Justice has not yet been rendered to General Pope for his conduct in this campaign. He had a most difficult task to accomplish, and had to depend on very unreliable means. Though there never was purer patriotism than that which animated the soldiers of the Army of the Potomac, that army had been brought, through the influence of officers who surrounded General McClellan, into a most dangerous condition-dangerous to the best interests of the nation—of having a wish of its own, and that wish in opposition to the convictions of the govern ment. In armies it is but a very short step from the pos session of a wish to the expression of a will. Perhaps at no period of the war were thoughtful men more deeply alarmed for the future of the nation than when they heard of the restoration of McClellan to the command, and recognized the unmistakable constraint under which the government had acted. It was in vain for well-meaning persons to affirm that the general had never been relieved, and that what had now taken place was no more

Pope's conduct in the campaign.

Condition of the
Potomac Army.



than an ordinary proceeding: the Peninsular disaster was too recent, the complaints and asseverations of Pope of disobedience to his orders among the higher officers too loud for the real state of affairs to be concealed.

Pope ought to have

"Leave Pope to get out of his scrape!" What had Pope done to merit inevitable destruction? been energetically He had gone down to the Rapidan in obesustained, dience to orders to compel the enemy to release his hold on the army in the Peninsula. He was keeping at bay in the best manner he could-nay, more, he was desperately assailing Lee's ablest lieutenants. For more than a fortnight he was fighting battle after battle against overwhelming forces, first, to prevent the junction of his antagonists, and then to resist their whole mass. He might have been indiscreet in his reflections on the generalship of his predecessor, but, had he been ten times more so, this was not the moment of retaliation for such offenses. Was he not now the soldier of the republic, at the head of her forlorn hope in the very breach? When, from the midst of the fire converging upon him, he cried out for more ammunition to enable him to keep his foothold, how was he answered? "I know nothing of the calibres of Pope's artillery."

but he received


The operations of Pope with the Army of Virginia were based entirely on the expected junclukewarm support. tion of re-enforcements from the Army of the Potomac. Not without indignation does he say his report, "Twenty thousand five hundred men were all of the ninety-one thousand veteran troops from Harrison's Landing who ever drew trigger under my command, or in any way took part in this campaign." "The complete overthrow of Lee's army, or at least the entire frustration of his movement toward the Potomac, was defeated by the failure of the Army of the Potomac to effect a junction in time with the Army of Virginia on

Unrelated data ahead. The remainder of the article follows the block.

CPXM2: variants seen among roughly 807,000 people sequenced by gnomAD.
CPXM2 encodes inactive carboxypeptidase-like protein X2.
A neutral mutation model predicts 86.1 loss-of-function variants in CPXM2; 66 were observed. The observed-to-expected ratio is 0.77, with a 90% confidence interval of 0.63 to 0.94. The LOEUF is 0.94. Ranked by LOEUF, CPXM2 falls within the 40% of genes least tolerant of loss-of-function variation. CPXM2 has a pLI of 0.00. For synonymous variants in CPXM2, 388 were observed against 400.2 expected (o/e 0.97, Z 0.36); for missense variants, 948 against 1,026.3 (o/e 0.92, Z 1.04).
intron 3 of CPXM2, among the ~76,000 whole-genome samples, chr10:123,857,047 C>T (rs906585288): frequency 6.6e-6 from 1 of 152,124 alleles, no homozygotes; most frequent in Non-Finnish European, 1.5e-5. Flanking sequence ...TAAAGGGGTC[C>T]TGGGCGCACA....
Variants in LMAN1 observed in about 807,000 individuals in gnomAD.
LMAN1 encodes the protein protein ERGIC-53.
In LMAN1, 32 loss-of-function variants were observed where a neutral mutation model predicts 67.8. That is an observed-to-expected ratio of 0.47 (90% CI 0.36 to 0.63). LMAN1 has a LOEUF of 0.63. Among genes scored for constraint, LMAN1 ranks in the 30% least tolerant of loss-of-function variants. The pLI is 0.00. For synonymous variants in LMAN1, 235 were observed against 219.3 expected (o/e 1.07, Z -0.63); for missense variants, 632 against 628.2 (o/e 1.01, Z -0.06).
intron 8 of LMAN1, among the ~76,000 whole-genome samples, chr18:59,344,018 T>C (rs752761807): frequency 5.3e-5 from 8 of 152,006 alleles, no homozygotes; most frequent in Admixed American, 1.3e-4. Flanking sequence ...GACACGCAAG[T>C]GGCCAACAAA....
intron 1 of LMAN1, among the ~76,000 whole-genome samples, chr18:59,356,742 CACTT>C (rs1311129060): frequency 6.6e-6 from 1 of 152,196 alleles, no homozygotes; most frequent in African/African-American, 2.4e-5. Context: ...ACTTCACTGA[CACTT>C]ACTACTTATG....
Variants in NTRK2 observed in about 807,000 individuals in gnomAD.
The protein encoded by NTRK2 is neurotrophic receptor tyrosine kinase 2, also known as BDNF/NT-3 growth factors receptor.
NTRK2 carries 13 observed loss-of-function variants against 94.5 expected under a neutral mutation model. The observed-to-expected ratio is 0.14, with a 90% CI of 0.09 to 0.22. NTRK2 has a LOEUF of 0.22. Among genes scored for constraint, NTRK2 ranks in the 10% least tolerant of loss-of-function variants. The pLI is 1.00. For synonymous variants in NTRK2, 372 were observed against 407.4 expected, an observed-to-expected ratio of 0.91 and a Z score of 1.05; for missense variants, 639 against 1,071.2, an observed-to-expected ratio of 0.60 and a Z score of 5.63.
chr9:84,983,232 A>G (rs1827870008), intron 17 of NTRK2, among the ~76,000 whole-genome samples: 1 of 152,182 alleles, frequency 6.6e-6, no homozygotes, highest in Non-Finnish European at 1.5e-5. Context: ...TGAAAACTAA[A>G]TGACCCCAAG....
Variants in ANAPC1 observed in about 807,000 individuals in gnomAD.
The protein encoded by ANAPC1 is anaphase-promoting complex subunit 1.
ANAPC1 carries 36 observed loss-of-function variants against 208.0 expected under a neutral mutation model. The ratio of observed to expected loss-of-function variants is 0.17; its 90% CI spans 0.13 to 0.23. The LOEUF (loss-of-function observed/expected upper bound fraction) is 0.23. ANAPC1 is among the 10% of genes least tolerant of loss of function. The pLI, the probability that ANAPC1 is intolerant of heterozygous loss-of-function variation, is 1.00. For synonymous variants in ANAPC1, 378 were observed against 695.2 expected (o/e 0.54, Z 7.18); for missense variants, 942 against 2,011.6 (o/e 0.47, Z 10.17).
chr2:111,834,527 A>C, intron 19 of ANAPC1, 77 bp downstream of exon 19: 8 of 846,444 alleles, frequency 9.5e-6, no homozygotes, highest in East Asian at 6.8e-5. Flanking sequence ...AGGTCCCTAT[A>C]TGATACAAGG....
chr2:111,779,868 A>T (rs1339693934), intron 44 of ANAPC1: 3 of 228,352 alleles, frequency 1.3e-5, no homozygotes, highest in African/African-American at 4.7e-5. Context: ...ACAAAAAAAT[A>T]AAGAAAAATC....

the line of the Rappahannock, or even so far back as the line of Bull Run."

In his report to the Secretary of War, the general in chief, Halleck, referring to these events, says, "Some of the corps (from the Peninsula) moved with becoming activity, but the delays of others were neither creditable nor excusable." "Most of the troops actually engaged in these battles fought with great bravery, but some of them could not be brought into action at all. Many thousands straggled away from their commands; and it is said that not a few voluntarily surrendered to the enemy, so as to be paroled prisoners of war."

Critical position of

From the tenor of Pope's complaints, the reader can not fail to discern that the national governthe government. ment was at this time passing through a serious crisis. The triumphant Confederate army threatening Washington was by no means the only formidable object before the republic. Individual grievances are of little moment in the eye of history save when they are connected with national interests-they become of su preme importance when they presage public perils. Enough has been said to enable the reader to perceive that at this momentous period the government was acting under constraint.

General McClellan himself has told us what were Mr. Lincoln's impressions as to the army at that time. "The President informed me that he had reason to believe that the Army of the Potomac was not cheerfully co-operating with and sup porting General Pope, and now asked me, as a special favor, to use my influence in correcting this state of things. The President, who was much moved, asked me to telegraph to 'Fitz John Porter, or some other of my friends,' and try to do away with any feeling that might

The President implores McClellan to sustain Pope.